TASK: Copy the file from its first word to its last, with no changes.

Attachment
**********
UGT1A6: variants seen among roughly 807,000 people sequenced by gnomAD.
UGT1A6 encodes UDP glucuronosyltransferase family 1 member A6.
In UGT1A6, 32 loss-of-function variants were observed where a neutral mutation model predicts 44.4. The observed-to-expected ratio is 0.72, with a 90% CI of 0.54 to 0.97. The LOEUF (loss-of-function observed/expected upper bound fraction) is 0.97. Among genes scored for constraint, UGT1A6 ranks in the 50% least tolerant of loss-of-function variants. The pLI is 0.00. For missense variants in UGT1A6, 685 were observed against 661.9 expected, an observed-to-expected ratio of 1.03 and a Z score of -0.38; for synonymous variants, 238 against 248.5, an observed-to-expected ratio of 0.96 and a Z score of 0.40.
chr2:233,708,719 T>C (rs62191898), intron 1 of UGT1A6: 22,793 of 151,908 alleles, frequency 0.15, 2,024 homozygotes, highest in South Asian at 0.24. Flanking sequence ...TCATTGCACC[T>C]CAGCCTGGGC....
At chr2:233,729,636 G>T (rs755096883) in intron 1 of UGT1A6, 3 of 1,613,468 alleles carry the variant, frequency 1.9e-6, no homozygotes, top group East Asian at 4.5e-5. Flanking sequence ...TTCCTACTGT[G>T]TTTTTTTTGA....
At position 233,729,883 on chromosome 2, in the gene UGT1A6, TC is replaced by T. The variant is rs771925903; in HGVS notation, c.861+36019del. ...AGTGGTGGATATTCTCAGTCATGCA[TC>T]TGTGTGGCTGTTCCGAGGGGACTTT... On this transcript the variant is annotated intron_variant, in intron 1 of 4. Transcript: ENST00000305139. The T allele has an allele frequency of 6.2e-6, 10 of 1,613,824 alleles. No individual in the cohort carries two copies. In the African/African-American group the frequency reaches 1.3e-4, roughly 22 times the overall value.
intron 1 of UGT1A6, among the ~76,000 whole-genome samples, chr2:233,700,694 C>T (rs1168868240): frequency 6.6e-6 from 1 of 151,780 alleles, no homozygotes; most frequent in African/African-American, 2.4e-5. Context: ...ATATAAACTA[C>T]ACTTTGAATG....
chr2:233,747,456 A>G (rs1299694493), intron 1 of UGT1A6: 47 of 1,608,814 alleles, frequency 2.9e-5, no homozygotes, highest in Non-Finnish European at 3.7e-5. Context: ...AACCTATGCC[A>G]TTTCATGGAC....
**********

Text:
UGT1A6: variants seen among roughly 807,000 people sequenced by gnomAD.
UGT1A6 encodes UDP glucuronosyltransferase family 1 member A6.
In UGT1A6, 32 loss-of-function variants were observed where a neutral mutation model predicts 44.4. The observed-to-expected ratio is 0.72, with a 90% CI of 0.54 to 0.97. The LOEUF (loss-of-function observed/expected upper bound fraction) is 0.97. Among genes scored for constraint, UGT1A6 ranks in the 50% least tolerant of loss-of-function variants. The pLI is 0.00. For missense variants in UGT1A6, 685 were observed against 661.9 expected, an observed-to-expected ratio of 1.03 and a Z score of -0.38; for synonymous variants, 238 against 248.5, an observed-to-expected ratio of 0.96 and a Z score of 0.40.
chr2:233,708,719 T>C (rs62191898), intron 1 of UGT1A6: 22,793 of 151,908 alleles, frequency 0.15, 2,024 homozygotes, highest in South Asian at 0.24. Flanking sequence ...TCATTGCACC[T>C]CAGCCTGGGC....
At chr2:233,729,636 G>T (rs755096883) in intron 1 of UGT1A6, 3 of 1,613,468 alleles carry the variant, frequency 1.9e-6, no homozygotes, top group East Asian at 4.5e-5. Flanking sequence ...TTCCTACTGT[G>T]TTTTTTTTGA....
At position 233,729,883 on chromosome 2, in the gene UGT1A6, TC is replaced by T. The variant is rs771925903; in HGVS notation, c.861+36019del. ...AGTGGTGGATATTCTCAGTCATGCA[TC>T]TGTGTGGCTGTTCCGAGGGGACTTT... On this transcript the variant is annotated intron_variant, in intron 1 of 4. Transcript: ENST00000305139. The T allele has an allele frequency of 6.2e-6, 10 of 1,613,824 alleles. No individual in the cohort carries two copies. In the African/African-American group the frequency reaches 1.3e-4, roughly 22 times the overall value.
intron 1 of UGT1A6, among the ~76,000 whole-genome samples, chr2:233,700,694 C>T (rs1168868240): frequency 6.6e-6 from 1 of 151,780 alleles, no homozygotes; most frequent in African/African-American, 2.4e-5. Context: ...ATATAAACTA[C>T]ACTTTGAATG....
chr2:233,747,456 A>G (rs1299694493), intron 1 of UGT1A6: 47 of 1,608,814 alleles, frequency 2.9e-5, no homozygotes, highest in Non-Finnish European at 3.7e-5. Context: ...AACCTATGCC[A>G]TTTCATGGAC....